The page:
Soil microbial diversity and activity linked to crop yield and quality in a dryland organic wheat production system

Nicole E. Tautges, Tarah S. Sullivan, Catherine L. Reardon, Ian C. Burke

Research output: Contribution to journalArticlepeer-review

55 Scopus citations


One of the primary goals of organic agriculture is increasing soil quality through the enhancement of soil biological diversity and activity. Greater soil microbial activity and diversity increase soil organic matter turnover and contribute to soil fertility, one of the main challenges associated with organic management. The objectives of this study were to 1) compare soil microbial abundance and activity between organic and conventional cropping systems, and 2) explore connections between soil microbial community indicators and crop productivity in organic and conventional winter wheat (Triticum aestivum)/spring wheat/winter pea (Pisum sativum) rotations. Soil and plant tissue was sampled following six years of organic and conventional management, and soil was analyzed for microbial abundance and activity. Fungal and bacterial abundance, soil enzyme activity, and soil organic carbon (C) were greater in the organic system than in the conventional system, and all four measures were positively correlated. Community-level physiological profiling (CLPP) indicated that C substrate utilization was greater in the organic than in the conventional system, though bacterial T-RFLP data did not demonstrate different community structure between systems, suggesting that management type affected bacterial community function, but not structure. Fungal T-RFLP results indicated that fungal community structure was different between the organic and conventional systems. Hay yield and tissue nitrogen (N) were greater in the organic system, and were positively correlated with fungal and bacterial abundance, but grain yield and protein were greater in the conventional system. The results of this study indicate that management type (organic vs. conventional) has implications for microbial abundance and microbial community function, and that differences in soil microbial abundance and activity likely impact crop yields and N uptake.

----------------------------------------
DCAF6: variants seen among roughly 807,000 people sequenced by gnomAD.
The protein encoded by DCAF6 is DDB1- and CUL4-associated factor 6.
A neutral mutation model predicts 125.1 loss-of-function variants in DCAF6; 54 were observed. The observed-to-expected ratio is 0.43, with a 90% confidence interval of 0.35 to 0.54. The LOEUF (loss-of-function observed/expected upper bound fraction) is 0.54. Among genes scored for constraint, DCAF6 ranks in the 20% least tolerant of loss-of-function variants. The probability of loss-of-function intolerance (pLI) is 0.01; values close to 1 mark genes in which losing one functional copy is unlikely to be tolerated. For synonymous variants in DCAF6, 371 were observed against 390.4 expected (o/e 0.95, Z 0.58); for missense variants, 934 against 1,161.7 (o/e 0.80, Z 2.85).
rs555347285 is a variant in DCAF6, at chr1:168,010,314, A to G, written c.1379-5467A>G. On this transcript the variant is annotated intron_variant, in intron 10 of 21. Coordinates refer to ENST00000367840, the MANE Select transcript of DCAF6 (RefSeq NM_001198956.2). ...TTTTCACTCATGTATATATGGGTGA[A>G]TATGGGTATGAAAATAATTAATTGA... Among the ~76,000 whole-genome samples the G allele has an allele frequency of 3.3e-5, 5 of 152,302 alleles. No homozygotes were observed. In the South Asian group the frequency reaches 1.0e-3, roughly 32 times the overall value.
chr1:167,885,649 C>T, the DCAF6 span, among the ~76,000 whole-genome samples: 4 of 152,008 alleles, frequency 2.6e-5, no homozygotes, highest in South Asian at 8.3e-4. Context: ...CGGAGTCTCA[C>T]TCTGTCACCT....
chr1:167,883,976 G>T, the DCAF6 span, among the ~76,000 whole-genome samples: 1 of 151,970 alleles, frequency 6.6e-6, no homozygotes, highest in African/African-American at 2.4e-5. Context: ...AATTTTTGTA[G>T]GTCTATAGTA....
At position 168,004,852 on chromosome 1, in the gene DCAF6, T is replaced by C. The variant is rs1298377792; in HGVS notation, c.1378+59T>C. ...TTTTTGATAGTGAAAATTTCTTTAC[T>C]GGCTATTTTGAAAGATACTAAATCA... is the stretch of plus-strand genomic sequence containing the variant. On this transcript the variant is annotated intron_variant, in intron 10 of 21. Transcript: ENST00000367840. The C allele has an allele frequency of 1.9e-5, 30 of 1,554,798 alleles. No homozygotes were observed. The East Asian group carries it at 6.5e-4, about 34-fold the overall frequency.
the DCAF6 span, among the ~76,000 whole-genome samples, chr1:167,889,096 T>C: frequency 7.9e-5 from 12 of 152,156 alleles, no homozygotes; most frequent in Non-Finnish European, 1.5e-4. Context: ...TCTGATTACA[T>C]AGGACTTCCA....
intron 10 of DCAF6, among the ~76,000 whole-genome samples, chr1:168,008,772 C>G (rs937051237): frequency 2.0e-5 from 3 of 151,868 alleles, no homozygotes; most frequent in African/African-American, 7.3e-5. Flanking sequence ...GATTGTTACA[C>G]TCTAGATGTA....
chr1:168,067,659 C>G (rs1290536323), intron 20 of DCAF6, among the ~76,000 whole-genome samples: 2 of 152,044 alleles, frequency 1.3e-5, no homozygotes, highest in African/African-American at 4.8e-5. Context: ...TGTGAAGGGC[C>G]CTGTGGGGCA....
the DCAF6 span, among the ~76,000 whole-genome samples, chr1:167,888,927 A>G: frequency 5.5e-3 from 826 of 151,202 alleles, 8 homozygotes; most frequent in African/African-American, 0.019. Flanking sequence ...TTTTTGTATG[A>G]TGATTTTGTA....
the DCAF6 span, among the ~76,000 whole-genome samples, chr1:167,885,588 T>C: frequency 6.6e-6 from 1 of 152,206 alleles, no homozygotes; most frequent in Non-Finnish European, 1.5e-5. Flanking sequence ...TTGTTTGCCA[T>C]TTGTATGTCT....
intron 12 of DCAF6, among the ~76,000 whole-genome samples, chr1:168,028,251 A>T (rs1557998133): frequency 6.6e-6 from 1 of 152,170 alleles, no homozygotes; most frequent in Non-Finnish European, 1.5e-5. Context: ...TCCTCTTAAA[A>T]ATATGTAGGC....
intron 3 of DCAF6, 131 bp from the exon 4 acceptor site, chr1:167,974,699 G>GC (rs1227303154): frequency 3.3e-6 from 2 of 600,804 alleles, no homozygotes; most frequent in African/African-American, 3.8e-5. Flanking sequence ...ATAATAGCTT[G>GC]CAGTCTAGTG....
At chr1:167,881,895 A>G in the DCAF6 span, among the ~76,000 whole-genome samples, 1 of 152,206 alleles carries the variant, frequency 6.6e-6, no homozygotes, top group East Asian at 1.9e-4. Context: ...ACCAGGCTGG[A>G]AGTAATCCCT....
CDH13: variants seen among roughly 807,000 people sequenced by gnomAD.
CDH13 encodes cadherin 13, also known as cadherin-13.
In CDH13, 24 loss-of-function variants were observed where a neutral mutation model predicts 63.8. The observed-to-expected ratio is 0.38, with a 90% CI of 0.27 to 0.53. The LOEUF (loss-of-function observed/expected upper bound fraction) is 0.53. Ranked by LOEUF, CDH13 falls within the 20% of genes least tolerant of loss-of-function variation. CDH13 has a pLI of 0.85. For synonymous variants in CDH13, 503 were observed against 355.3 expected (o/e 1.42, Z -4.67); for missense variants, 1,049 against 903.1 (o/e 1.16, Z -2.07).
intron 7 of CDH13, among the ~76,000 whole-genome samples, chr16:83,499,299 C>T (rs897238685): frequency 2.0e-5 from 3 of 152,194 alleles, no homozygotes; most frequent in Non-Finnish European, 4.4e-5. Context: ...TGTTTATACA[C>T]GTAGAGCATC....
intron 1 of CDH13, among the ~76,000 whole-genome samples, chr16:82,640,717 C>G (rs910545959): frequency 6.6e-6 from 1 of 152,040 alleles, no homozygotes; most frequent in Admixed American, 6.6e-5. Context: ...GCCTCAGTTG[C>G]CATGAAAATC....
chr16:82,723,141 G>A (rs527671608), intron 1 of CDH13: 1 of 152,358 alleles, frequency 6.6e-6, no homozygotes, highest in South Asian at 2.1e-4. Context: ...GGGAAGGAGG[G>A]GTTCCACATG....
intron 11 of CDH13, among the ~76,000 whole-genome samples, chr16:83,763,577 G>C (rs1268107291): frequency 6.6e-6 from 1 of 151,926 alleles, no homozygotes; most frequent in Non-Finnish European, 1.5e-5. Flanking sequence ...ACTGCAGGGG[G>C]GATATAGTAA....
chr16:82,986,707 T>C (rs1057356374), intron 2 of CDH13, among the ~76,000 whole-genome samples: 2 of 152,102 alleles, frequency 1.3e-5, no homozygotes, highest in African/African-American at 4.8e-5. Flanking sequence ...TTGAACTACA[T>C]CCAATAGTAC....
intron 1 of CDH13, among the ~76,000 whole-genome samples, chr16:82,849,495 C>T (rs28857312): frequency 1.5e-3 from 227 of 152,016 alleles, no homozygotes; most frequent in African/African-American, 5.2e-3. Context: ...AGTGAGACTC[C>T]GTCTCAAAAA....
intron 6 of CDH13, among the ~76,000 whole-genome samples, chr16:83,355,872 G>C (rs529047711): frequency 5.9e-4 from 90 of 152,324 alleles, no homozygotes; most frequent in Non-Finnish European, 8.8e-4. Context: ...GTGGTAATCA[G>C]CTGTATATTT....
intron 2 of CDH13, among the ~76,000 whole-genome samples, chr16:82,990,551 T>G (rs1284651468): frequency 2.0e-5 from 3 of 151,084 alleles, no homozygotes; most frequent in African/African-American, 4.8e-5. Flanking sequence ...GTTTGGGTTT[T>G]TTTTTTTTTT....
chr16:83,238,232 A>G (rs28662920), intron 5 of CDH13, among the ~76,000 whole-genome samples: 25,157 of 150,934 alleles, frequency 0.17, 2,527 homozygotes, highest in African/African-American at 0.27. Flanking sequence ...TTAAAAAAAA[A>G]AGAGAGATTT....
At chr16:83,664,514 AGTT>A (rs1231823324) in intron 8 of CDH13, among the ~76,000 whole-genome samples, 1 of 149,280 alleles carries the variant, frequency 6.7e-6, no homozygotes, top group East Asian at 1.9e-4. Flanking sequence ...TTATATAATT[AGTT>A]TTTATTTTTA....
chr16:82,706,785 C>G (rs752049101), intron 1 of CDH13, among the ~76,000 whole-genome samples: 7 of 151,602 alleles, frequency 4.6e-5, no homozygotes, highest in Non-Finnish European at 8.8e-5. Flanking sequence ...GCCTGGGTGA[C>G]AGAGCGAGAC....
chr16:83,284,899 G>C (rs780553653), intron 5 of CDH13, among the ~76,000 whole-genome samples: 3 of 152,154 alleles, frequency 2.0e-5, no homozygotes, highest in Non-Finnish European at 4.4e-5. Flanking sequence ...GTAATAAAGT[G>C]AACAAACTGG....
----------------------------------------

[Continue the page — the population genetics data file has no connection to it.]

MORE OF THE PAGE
Original languageEnglish (US)
Pages (from-to)258-268
Number of pages11
JournalApplied Soil Ecology
StatePublished - Dec 1 2016

Bibliographical note

Funding Information:
The authors would like to thank Shane Hetrick, Jeanene DeAvila, and Elizabeth Torres for their technical expertise and assistance in the lab. Also, thanks to the anonymous reviewers whose comments improved this manuscript. Funding for the project was provided by USDA-NIFA Organic Agricultural Research and Extension Initiative (OREI) grant 2009-51300-05578 .

Publisher Copyright:
© 2016 Elsevier B.V.


  • Carbon substrate utilization
  • Grain yield
  • Microbial abundance
  • Nitrogen uptake
  • Soil enzyme activity
  • T-RFLP


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